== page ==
Lastly, list all the actions (including the ones in the coming paragraphs), their owners, and deadlines. Ensure you communicate this preparatory work to your stakeholders in case they have additional input.
- Get a calendar, highlight the event days
- Review last year’s and latest months’ growth
- Consider all tasks needed and work back from that date
- Add buffers, consider local market specifics
2. Eliminate critical tech bugs and implement a code freeze
If you manage a website, you presumably have a backlog of features and defects (bugs) that need to be fixed. Some could be critical, others would occasionally occur, while others are nice-to-have additions. Try not to stress about those issues going into the peak season, as they might affect your conversion rates. Instead, prioritize any bugs, requests for changes, or initiatives essential to your sales performance. To ensure that solutions are delivered beforehand, take on these challenges with your technical team or agency. Then, test carefully because you don’t want to introduce new problems when addressing existing ones.
To protect the integrity of your thoroughly bug-free platform, impose a code freeze during the time leading up to and during the peak season. Allocate tech team resources to address potential problems so they can continue working on the lower priority topics (to be released only once retail peak season is over). Share these guidelines with all stakeholders so the product owners can manage everyone’s expectations.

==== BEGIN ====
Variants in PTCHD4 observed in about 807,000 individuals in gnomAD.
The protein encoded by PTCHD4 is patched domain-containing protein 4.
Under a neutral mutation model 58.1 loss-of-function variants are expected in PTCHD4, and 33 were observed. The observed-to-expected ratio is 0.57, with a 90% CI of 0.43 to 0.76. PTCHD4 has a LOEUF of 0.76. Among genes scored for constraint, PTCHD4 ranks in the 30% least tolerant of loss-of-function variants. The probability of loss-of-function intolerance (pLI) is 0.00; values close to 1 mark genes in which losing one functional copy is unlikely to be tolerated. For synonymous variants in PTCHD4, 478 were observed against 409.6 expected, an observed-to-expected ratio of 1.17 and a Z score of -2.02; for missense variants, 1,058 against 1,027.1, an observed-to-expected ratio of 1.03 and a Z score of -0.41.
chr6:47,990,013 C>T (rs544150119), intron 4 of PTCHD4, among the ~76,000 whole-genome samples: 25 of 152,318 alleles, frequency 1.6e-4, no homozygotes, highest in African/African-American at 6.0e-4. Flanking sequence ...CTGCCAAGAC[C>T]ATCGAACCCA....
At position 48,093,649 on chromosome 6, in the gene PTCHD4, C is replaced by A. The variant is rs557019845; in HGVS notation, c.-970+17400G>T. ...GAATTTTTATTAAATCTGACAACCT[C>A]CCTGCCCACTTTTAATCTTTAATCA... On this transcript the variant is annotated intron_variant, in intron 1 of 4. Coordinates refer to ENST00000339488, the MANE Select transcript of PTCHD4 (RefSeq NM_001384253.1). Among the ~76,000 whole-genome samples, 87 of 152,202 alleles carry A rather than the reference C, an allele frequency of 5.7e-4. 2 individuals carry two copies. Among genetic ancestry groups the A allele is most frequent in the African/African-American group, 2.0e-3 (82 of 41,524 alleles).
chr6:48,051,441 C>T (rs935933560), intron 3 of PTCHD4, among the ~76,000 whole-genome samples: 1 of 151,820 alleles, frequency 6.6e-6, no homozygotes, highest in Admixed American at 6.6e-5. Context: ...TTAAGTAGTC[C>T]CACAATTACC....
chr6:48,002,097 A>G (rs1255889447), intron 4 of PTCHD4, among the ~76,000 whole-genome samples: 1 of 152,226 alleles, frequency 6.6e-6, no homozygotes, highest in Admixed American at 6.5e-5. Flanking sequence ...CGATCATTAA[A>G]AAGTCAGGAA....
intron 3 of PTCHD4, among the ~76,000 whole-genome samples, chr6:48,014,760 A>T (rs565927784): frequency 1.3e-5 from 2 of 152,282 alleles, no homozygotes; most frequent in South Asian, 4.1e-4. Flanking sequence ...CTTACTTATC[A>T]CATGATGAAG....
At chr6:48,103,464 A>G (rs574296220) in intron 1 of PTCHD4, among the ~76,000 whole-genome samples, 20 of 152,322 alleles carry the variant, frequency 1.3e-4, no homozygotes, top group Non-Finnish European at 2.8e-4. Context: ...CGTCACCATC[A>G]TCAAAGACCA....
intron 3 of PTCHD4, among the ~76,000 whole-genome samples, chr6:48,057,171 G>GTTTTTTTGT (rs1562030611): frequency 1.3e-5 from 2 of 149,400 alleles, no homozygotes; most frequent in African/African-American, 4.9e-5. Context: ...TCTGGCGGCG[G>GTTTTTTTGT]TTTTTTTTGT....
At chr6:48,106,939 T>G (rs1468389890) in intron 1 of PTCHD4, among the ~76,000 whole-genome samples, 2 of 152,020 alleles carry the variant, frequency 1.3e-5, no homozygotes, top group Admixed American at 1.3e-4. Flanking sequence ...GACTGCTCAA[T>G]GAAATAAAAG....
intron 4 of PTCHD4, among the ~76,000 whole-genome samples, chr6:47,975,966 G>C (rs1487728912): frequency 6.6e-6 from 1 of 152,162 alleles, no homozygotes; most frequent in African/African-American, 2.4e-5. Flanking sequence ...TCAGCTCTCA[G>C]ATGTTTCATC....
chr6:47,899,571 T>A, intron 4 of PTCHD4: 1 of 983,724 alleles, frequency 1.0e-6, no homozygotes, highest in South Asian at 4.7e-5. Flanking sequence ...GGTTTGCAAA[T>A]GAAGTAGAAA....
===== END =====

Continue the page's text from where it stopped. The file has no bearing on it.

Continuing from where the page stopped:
- Prioritize bugs and critical features to be fixed for peak season
- Test thoroughly
- Communicate the code freeze policy
- Allocate resources to tackle unexpected issues
3. Schedule and test all the content and promotions
After designing your promotional calendar, you must analyze, upload, schedule, and test all the content to ensure that the campaigns run smoothly. The campaign assets should be requested (in advance) from your content team. Have it reviewed, translated, and added to the CMS. If you are a Spryker Commerce user, get all of the promotions into your backoffice as soon as they’re approved. If possible, test during pre-production and production (non-conventional selling hours, in a lower-traffic store, or a smaller section of your website). Lastly, schedule your CMS blocks and promotions accordingly.